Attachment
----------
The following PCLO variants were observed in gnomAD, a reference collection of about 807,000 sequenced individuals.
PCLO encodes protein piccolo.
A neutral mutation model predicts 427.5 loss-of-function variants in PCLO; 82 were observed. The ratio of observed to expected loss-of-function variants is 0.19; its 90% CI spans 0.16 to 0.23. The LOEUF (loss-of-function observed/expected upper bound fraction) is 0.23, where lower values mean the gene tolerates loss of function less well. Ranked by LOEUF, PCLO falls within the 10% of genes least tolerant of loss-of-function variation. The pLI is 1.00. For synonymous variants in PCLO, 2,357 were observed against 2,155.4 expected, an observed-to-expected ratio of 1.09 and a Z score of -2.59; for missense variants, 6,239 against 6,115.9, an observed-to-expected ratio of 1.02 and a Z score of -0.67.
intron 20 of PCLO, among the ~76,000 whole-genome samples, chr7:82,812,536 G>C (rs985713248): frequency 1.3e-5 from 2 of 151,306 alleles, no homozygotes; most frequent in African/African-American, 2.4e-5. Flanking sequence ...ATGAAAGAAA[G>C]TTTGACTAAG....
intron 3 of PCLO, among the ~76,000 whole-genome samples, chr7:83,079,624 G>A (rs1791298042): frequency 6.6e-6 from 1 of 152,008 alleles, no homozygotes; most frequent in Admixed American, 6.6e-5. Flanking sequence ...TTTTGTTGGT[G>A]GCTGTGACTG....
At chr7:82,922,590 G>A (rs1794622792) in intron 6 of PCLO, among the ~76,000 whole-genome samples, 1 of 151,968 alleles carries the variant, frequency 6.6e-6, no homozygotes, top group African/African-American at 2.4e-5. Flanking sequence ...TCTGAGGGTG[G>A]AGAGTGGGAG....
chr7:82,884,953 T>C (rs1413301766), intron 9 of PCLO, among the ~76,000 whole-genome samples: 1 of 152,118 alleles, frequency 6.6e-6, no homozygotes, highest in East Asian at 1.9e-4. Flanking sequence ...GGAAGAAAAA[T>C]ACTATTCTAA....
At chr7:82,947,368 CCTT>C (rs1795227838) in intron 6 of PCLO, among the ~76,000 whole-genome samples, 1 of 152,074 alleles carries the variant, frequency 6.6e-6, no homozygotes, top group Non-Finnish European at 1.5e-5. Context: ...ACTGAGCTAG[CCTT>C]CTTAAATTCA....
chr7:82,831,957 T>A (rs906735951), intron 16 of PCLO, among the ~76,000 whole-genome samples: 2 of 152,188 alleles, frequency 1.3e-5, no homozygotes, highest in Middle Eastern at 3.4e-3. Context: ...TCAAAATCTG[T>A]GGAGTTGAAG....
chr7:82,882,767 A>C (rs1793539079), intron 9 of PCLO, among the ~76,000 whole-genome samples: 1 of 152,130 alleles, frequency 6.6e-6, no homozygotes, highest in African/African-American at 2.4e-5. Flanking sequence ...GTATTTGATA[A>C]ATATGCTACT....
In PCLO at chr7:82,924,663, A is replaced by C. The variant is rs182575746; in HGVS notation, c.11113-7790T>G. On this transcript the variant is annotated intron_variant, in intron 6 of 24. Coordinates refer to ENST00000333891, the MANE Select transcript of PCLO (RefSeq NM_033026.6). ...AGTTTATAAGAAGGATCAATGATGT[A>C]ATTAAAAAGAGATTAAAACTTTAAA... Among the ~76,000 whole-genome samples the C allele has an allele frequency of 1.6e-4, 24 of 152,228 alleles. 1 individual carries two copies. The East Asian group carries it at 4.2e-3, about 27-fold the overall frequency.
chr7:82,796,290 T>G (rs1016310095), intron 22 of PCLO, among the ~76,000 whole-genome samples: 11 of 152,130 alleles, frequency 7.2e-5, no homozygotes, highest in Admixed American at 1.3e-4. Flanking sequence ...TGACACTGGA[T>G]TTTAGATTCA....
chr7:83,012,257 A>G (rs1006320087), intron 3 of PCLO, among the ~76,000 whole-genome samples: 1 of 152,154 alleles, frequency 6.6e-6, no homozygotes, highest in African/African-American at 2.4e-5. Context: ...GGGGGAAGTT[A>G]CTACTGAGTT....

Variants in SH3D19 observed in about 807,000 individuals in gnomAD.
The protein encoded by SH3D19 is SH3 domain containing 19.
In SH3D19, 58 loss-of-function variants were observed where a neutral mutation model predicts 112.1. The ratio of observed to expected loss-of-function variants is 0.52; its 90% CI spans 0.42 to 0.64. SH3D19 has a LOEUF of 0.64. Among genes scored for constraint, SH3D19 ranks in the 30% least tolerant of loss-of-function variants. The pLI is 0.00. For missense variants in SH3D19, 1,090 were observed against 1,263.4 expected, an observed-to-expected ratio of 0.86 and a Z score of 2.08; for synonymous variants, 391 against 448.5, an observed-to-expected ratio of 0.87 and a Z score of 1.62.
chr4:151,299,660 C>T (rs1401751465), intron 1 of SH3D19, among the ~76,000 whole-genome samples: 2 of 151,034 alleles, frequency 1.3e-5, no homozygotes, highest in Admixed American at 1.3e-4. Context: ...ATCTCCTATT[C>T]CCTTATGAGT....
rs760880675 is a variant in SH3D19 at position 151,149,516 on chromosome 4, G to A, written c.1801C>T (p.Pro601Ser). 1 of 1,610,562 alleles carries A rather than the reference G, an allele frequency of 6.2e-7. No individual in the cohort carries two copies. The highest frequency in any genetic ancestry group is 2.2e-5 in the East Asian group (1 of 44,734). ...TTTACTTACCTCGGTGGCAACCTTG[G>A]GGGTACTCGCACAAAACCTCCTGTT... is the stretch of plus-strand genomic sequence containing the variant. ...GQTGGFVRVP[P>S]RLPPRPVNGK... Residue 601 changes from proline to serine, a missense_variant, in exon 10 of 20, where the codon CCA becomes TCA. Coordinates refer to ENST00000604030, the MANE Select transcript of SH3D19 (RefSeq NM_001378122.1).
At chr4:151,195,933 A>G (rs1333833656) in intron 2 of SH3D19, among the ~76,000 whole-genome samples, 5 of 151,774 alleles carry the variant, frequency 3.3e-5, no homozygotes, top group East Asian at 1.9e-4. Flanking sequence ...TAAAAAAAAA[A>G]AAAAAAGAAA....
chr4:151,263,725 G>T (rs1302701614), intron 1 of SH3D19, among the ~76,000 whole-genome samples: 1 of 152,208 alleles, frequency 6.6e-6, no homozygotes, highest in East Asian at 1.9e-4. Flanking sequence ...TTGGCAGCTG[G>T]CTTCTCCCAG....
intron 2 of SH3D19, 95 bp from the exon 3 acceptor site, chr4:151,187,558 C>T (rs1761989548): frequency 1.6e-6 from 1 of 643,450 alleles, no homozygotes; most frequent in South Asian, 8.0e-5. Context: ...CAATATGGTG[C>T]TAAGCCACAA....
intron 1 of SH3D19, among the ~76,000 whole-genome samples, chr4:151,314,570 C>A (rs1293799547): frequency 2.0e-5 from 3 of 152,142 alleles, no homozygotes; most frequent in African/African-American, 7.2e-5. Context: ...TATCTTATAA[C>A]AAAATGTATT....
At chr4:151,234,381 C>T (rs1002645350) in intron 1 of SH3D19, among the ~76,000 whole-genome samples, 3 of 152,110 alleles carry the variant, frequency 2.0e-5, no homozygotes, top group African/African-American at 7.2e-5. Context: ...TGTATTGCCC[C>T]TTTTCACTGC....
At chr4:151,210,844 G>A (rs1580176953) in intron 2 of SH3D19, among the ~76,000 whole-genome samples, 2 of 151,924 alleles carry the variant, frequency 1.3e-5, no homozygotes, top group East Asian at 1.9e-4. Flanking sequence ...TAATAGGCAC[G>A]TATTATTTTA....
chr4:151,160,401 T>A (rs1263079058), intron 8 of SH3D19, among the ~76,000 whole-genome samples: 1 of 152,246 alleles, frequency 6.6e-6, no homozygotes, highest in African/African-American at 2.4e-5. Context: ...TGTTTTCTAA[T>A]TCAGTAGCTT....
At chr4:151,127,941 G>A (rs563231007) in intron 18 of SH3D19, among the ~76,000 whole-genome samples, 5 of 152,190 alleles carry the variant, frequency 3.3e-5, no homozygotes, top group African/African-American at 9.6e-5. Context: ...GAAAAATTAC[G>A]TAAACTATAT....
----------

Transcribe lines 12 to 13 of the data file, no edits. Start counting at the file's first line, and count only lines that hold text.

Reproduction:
chr7:82,796,290 T>G (rs1016310095), intron 22 of PCLO, among the ~76,000 whole-genome samples: 11 of 152,130 alleles, frequency 7.2e-5, no homozygotes, highest in Admixed American at 1.3e-4. Flanking sequence ...TGACACTGGA[T>G]TTTAGATTCA....
chr7:83,012,257 A>G (rs1006320087), intron 3 of PCLO, among the ~76,000 whole-genome samples: 1 of 152,154 alleles, frequency 6.6e-6, no homozygotes, highest in African/African-American at 2.4e-5. Context: ...GGGGGAAGTT[A>G]CTACTGAGTT....